Numerous leaders and community organizers have been talking about public service lately, especially in the US – mostly encouraging the public to take place in ongoing dialogues and to volunteer in their communities in order to create positive change at local and national levels.
This month we’ve seen how the crowd continues to contribute in the political arena and in further developing clean and safe cities. The trend of incorporating “citizen scientists” in the search for data and groundbreaking ideas is expanding from the glaciers all the way to Mars. This month we’re seeing a large number of medical studies calling for crowdsourced data, and finally we can learn from ZTE’s failure to crowdsource a smartphone.
Crowdsourced innovation is a tactic used more and more often by government organizations as well as enterprise corporations. This means that innovation teams need to add a new skill set to their resumé: communications.
The list of problems that need to be solved is growing almost as fast as our solutions are. Some are concerned about the lack of food and water security, others worry about access to education and a whopping 45.2% of millennials think today’s most pressing problem is the destruction of natural resources. But with the proliferation of problems, organizations and enterprises are broadening their search for innovative solutions and many of them are looking to the crowd for ideas.
2016 was a big year for crowdsourcing. In our final edition of What’s New for the year, we clearly see how crowdsourcing is being used to create transparency and provide citizens with an active voice in our local governments. Crowdsourcing continues to play an important part in new product development for large and small companies, and our new capacities to collect scientific and locational data is proving to be game-changing. Check out the latest news stories from around the world.
Synack’s Jay Kaplan discusses how the cybersecurity startup he heads mitigates concerns stemming from the practice of using crowdsourced hackers around the world to identify vulnerabilities in the systems of private companies and government agencies that serve as customers. Synack’s safeguards include rigorous vetting and tracking, as well as placing high “bounties” on the most serious vulnerabilities.
The election of 2016 will certainly be one for the history books. Regardless of your political leanings, there was one sure thing to celebrate during this election cycle. The Innovate Your State Fix California Challenge—a crowdsourcing campaign aimed at promoting public participation in order to determine ways to improve government—had an initiative on the ballot in California!
Many of our customers have asked “what are the most important organizational values to nurture innovation?” Some of them may seem obvious or (at least) familiar: transparency, the embrace of digital solutions, the ability to celebrate failure, but we’re coming to discover that the most important value that you can embrace as part of your innovation programs is diversity.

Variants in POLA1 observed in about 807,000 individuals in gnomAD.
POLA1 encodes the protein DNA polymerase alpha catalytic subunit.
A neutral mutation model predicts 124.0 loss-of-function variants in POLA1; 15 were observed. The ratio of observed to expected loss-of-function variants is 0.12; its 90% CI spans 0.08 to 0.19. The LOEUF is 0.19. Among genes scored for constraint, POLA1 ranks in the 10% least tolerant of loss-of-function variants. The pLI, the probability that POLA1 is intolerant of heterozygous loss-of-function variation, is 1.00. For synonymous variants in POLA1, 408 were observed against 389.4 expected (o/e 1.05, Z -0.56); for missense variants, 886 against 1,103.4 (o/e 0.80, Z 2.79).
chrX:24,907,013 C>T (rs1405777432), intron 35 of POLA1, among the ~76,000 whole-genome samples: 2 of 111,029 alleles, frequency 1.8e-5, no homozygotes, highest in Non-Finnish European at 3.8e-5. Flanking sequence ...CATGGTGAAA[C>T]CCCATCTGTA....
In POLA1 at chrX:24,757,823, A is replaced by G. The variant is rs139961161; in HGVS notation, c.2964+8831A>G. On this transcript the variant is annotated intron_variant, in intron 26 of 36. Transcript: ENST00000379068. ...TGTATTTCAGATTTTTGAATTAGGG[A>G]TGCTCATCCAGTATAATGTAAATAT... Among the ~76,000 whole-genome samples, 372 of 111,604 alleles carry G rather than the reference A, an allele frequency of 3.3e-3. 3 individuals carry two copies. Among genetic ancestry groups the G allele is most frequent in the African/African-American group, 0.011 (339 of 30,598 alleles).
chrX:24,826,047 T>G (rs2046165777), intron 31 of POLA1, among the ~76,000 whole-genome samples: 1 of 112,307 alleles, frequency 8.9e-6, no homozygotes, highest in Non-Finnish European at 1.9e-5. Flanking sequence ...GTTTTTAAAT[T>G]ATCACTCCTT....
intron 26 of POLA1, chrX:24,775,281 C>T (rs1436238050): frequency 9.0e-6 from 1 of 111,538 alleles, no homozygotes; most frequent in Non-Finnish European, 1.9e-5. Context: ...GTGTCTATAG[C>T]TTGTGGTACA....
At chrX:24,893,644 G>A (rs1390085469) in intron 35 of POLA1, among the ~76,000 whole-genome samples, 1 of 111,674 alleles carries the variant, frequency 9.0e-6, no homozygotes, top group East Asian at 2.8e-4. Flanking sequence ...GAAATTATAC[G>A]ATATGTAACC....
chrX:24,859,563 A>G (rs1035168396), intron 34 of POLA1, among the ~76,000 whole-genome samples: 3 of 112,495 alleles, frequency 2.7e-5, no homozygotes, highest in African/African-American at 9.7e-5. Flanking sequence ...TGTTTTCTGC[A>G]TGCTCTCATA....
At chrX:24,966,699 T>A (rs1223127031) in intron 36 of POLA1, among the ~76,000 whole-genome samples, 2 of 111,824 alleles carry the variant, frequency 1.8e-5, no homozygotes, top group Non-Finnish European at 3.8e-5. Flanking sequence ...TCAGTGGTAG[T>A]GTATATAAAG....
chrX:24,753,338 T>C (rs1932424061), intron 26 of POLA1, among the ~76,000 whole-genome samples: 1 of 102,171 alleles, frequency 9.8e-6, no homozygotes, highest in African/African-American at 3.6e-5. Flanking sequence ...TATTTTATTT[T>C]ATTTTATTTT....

For many years, companies were convinced of the competitive advantage of closed research and development. They jealously protected their intellectual property behind closed doors and dramatically revealed it to the public after years of development. This old model has since been replaced by open innovation.
Attention innovators: here’s your chance to showcase tech & science projects and benefit from international promotion among a tech-oriented crowd, media, industry representatives and business professionals for free. The digital campaign, “Bringing tech&science closer to people,” carried out under the auspices of UNESCO, is here to celebrate innovators and inventors and the world-changing solutions they are working on.
Innovation proves vital for companies across industries, but carries key importance in the technology field. Mainstream perception of the tech industry conjures illustrations of cutting edge, never-before-seen products poised to disrupt and revolutionize daily lives.
November 3, 2016: There’s no longer any doubt that the democratization of designing, planning and decision making for just about anything is here to stay. In fact, these days it seems that no problem is too big or complex for the crowd. In this edition of What’s New we can see crowdsourcing being used to substitute a traditional justice system, write a country’s new constitution, plan the next generation of smart-cities, search for cleaner water, investigate the Moon and Jupiter, and the list goes on.
Crowdsourcing is often associated with start-ups and blue-chip companies who are trying to innovate, but it has the potential to reach far beyond those with seed money and infinite endowments. The beauty of crowdsourcing is that it is rooted in grassroots fundamentals—an environment that is ideal for non-profit businesses.
October 4, 2016: These days the wisdom of the crowd is helping with everything from decoding war correspondence from 150 years ago to studying breast cancer and preventing terrorism. The conservative parties in both the US and UK are even asking the crowd for help— on topics previously reserved for top strategists.
Given the difficulties in developing and working with metrics and measures for open innovation and ecosystems, I have pulled together some inspiration and insights from several articles.